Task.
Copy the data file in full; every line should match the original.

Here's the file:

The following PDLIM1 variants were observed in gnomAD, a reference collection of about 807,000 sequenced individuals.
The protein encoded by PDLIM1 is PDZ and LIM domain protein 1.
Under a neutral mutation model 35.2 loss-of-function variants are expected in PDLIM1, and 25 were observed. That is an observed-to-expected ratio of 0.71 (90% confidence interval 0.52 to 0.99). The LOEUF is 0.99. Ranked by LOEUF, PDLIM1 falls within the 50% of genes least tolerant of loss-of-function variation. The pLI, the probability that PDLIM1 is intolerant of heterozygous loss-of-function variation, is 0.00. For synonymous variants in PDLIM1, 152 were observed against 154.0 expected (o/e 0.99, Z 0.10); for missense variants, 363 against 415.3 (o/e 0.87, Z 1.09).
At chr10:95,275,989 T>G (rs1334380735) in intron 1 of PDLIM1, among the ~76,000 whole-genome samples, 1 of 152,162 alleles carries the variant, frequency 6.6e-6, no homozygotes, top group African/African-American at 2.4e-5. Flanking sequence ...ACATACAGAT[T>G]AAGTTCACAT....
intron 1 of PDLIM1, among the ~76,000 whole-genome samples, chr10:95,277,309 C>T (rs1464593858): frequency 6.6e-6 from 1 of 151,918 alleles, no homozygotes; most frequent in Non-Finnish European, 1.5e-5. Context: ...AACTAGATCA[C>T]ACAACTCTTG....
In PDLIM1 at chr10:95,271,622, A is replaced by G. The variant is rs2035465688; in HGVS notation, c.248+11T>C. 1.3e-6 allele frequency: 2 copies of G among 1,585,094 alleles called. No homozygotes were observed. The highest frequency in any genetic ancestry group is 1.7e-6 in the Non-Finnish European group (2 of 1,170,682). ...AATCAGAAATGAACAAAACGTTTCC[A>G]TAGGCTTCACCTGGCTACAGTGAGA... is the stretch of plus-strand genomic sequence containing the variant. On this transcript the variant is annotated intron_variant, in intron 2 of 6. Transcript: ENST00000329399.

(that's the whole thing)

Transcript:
The following PDLIM1 variants were observed in gnomAD, a reference collection of about 807,000 sequenced individuals.
The protein encoded by PDLIM1 is PDZ and LIM domain protein 1.
Under a neutral mutation model 35.2 loss-of-function variants are expected in PDLIM1, and 25 were observed. That is an observed-to-expected ratio of 0.71 (90% confidence interval 0.52 to 0.99). The LOEUF is 0.99. Ranked by LOEUF, PDLIM1 falls within the 50% of genes least tolerant of loss-of-function variation. The pLI, the probability that PDLIM1 is intolerant of heterozygous loss-of-function variation, is 0.00. For synonymous variants in PDLIM1, 152 were observed against 154.0 expected (o/e 0.99, Z 0.10); for missense variants, 363 against 415.3 (o/e 0.87, Z 1.09).
At chr10:95,275,989 T>G (rs1334380735) in intron 1 of PDLIM1, among the ~76,000 whole-genome samples, 1 of 152,162 alleles carries the variant, frequency 6.6e-6, no homozygotes, top group African/African-American at 2.4e-5. Flanking sequence ...ACATACAGAT[T>G]AAGTTCACAT....
intron 1 of PDLIM1, among the ~76,000 whole-genome samples, chr10:95,277,309 C>T (rs1464593858): frequency 6.6e-6 from 1 of 151,918 alleles, no homozygotes; most frequent in Non-Finnish European, 1.5e-5. Context: ...AACTAGATCA[C>T]ACAACTCTTG....
In PDLIM1 at chr10:95,271,622, A is replaced by G. The variant is rs2035465688; in HGVS notation, c.248+11T>C. 1.3e-6 allele frequency: 2 copies of G among 1,585,094 alleles called. No homozygotes were observed. The highest frequency in any genetic ancestry group is 1.7e-6 in the Non-Finnish European group (2 of 1,170,682). ...AATCAGAAATGAACAAAACGTTTCC[A>G]TAGGCTTCACCTGGCTACAGTGAGA... is the stretch of plus-strand genomic sequence containing the variant. On this transcript the variant is annotated intron_variant, in intron 2 of 6. Transcript: ENST00000329399.